A Law That Helps You Write Loosely Coupled Functions

#programming

Coupling is the degree of interdependence that exists between software components. Tightly coupled components are harder to maintain, modify and enhance overtime. For this reason, it's good to write loosely coupled functions as much as we can through out the development of a software program.

There are programming principles and there are frameworks to help us stick to those principles. One of those frameworks is––Law of Demeter.

Coupling is the degree of interdependence that exists between software components. Tightly coupled components are harder to maintain, modify and enhance overtime. For this reason, it's good to write loosely coupled functions as much as we can through out the development of a software program.

Honour thy functions and thy classes and keep them high up the altar away from undeserving stragers

LoD or principle of least knowledge is a design guideline for software development with the notion that a function or similar object should assume as little as possible about the properties and behaviours of components it comes in contact with. It is a novel way of loosely coupling software artifacts to make evolution much easier. It tries to prevent you from reaching into an object to gain access to a third object's methods.

Breakdown

The law states that any method of an object should call only methods belonging to:

  • itself
  • any parameters that were passed into the method
  • any objects it created
  • any directly held component objects
class Demeter {
    private:
        A *a;
        int func();
    public:
        //...
        void example(B& b);
}

void Demeter::example(B& b) {
    C c;
    int f = func(); // itself

    b.invert(); // any parameters that were passed in to the method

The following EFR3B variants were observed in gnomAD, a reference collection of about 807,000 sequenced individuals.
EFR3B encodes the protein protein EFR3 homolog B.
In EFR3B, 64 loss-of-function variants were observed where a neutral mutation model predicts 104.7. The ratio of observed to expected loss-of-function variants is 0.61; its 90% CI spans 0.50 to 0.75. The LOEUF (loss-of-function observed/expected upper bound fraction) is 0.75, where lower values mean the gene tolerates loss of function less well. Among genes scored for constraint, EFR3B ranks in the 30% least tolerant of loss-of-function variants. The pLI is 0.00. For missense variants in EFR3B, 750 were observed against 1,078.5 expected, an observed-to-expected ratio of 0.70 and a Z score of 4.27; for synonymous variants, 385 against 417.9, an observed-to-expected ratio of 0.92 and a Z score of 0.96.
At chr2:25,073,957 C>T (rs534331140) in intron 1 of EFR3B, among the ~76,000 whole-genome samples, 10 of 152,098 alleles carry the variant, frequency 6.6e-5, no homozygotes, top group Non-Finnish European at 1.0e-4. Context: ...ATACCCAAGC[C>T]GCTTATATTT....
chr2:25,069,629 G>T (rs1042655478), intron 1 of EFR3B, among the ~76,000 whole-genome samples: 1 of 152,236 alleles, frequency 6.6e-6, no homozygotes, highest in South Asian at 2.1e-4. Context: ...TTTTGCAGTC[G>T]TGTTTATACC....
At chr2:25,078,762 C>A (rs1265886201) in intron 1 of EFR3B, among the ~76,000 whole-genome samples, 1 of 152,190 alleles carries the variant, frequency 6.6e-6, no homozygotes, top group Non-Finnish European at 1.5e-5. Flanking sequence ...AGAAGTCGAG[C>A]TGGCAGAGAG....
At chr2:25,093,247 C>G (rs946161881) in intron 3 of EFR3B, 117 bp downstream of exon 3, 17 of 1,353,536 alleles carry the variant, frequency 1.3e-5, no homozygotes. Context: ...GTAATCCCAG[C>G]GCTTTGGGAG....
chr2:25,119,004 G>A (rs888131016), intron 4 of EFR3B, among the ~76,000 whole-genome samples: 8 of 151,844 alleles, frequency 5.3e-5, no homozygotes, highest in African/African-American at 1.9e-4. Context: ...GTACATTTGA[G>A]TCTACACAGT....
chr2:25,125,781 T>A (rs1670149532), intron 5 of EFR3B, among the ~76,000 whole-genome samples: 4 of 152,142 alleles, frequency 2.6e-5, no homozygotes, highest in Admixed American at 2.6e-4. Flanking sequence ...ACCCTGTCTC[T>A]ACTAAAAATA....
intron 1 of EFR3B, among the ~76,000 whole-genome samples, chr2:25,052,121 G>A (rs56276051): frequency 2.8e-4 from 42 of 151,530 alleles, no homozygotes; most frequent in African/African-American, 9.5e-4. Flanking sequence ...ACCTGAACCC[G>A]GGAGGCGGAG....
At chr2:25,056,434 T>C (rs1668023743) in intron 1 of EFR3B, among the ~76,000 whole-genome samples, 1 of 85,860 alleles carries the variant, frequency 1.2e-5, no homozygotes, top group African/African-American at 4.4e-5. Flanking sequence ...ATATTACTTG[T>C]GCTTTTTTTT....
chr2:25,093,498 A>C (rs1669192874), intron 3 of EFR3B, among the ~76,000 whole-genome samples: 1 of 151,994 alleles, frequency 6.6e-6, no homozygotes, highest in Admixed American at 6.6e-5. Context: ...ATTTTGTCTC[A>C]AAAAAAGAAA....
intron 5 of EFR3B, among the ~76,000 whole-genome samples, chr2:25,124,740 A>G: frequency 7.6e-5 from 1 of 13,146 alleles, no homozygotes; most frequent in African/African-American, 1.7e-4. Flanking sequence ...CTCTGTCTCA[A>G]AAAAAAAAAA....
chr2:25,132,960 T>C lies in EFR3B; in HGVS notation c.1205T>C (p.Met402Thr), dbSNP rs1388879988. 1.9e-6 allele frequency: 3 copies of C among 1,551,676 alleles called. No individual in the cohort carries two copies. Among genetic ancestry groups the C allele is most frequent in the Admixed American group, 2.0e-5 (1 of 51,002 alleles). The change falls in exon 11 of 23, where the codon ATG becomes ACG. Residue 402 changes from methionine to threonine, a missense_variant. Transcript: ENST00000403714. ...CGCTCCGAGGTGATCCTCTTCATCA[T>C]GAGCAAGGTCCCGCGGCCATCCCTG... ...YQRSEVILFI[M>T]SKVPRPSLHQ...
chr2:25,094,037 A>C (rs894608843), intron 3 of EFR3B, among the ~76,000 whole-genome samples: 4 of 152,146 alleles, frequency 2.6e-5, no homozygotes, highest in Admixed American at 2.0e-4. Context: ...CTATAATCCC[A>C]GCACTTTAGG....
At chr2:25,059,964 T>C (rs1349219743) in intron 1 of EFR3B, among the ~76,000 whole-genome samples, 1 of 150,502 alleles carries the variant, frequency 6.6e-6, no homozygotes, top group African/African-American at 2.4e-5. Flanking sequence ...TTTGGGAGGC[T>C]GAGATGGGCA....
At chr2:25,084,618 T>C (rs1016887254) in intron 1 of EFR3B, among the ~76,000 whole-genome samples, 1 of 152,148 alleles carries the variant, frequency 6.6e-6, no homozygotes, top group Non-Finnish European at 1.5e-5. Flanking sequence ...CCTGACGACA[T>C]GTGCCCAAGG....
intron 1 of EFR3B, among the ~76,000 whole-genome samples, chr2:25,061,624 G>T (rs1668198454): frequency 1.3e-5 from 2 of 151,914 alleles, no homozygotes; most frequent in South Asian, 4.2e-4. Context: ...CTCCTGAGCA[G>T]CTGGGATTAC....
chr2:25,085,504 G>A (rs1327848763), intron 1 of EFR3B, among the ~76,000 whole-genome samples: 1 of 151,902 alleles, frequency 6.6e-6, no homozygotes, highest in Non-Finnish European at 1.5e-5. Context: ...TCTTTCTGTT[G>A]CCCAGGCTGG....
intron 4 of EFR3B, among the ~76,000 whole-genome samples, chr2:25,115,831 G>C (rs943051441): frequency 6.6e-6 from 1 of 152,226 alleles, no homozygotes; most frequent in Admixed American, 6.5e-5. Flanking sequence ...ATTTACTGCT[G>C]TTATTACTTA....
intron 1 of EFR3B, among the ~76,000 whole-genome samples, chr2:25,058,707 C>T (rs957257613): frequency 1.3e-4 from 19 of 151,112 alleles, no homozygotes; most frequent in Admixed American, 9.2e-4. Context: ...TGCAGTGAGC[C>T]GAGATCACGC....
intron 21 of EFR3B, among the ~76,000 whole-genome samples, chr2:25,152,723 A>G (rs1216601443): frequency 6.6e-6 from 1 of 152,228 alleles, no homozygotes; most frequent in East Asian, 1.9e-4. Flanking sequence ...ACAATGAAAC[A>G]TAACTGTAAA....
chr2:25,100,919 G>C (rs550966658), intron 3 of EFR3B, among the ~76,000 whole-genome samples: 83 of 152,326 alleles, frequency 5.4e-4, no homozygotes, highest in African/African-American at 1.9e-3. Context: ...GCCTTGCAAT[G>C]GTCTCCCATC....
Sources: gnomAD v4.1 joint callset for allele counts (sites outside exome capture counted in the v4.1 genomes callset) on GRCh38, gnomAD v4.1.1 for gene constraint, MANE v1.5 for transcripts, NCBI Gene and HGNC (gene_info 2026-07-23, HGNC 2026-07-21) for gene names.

a = new A();
    a->setActive(); // any objects it created

    c.print(); // any directly held component objects
}

The Worth

Theoretically, it sounds good. But, does it really help in writing more maintanable and adaptable code. Short answer––Yes.

Since components are not very knoledgable of each other, you can easily make changes to one without affecting the other.

There have been studies that show C++ classes with large response sets are more prone to error than classes with smaller response sets.

a response set is defined to be the number of functions directly invoked by methods of the class

Downside

Using the law of demeter will make your code more adaptable and robust, but at a cost: as a "general contractor", your module must delegate and manage any all subcontractors directly, without involving clients of your module. This means that you will be writing a large number of wrapper methods that simply forward the request on to a delegate. These wrapper methods will impose both a runtime cost and a space overhead, which may be significant––even prohibitive––in some applications.

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